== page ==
The Multnomah County Board of Commissioners voted today to spend an additional $6 million to fill a hole in the county corrections budget, a result of a decline in state funding as jail populations shrank during the pandemic.
The county furiously lobbied state lawmakers to fill the funding gap, arguing that jail populations are expected to rebound and that state payments haven’t kept up with the rising costs of handling a population facing increasingly acute mental illness and substance use disorders. After legislators declined to do it, Sheriff Nicole Morrisey O’Donnell told county commissioners that without additional county funds she’d have to close 219 jail beds, sending many inmates out onto the streets.
The county’s Department of Community Justice, which oversees inmates on parole or probation, faced similar cuts.
The budget crunch is the result of a decades-old agreement in which the state of Oregon pays counties to hold convicted criminals serving short sentences in county jail rather than state prison. The payments are calculated based on the number of inmates being supervised by the county, which has declined during the pandemic.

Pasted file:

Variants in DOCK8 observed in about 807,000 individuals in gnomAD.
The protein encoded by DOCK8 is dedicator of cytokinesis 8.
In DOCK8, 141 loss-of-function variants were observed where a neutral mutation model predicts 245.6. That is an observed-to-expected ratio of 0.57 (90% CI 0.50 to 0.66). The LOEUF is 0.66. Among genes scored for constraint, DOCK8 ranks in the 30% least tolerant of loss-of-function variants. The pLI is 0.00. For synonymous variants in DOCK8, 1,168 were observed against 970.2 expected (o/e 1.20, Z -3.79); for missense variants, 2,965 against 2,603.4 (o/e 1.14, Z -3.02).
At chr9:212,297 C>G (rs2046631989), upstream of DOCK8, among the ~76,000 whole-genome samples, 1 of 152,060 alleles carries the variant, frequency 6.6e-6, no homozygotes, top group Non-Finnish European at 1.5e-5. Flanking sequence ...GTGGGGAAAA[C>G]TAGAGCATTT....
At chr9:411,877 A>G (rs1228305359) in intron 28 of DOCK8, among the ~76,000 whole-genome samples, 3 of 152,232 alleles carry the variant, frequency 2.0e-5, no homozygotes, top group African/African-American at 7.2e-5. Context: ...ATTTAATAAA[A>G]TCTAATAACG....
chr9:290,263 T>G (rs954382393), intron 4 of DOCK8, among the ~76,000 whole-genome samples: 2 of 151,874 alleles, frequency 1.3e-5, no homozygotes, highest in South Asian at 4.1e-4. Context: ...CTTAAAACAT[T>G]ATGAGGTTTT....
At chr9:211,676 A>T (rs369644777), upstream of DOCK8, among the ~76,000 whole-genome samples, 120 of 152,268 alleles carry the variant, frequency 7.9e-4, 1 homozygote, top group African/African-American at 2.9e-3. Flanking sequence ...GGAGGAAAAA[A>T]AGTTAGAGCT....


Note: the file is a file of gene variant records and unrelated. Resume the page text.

The result is an ongoing debate, repeated year after year, between county and state policymakers over who’s responsible for paying the increased costs of housing and supervising convicted criminals.
Nathan Vasquez, the prosecutor challenging Multnomah County District Attorney Mike Schmidt in next year’s election, testified in favor of the county backfilling the funds. “These cuts will wreak havoc on our county, which is already overwhelmed by repeat offenders, unprecedented violence, and homicides that are occurring in our county at historic rates that we have not seen,” he said at a county board meeting this morning.
So commissioners gave O’Donnell and Vasquez what they wished, voting to restore the sheriff’s office’s budget hole and most—but not all—of DCJ’s. The agreement will restore 18 or the 24 budgeted positions within the department threatened by the loss in state funding.
Commissioner Julia Brim-Edwards introduced an amendment to restore the remaining DCJ positions, but it was voted down. “I fundamentally believe the lower jail population is not due to lower levels of crime,” she said. “Rather, it’s because we have a frayed public safety system that’s been underresourced.”
The county is pursuing grants to restore some of the positions, and is continuing to lobby state legislators to restore the losses or adjust the formula. In the meantime, the commissioners voted to earmark funds for two additional DCJ positions if those efforts fail.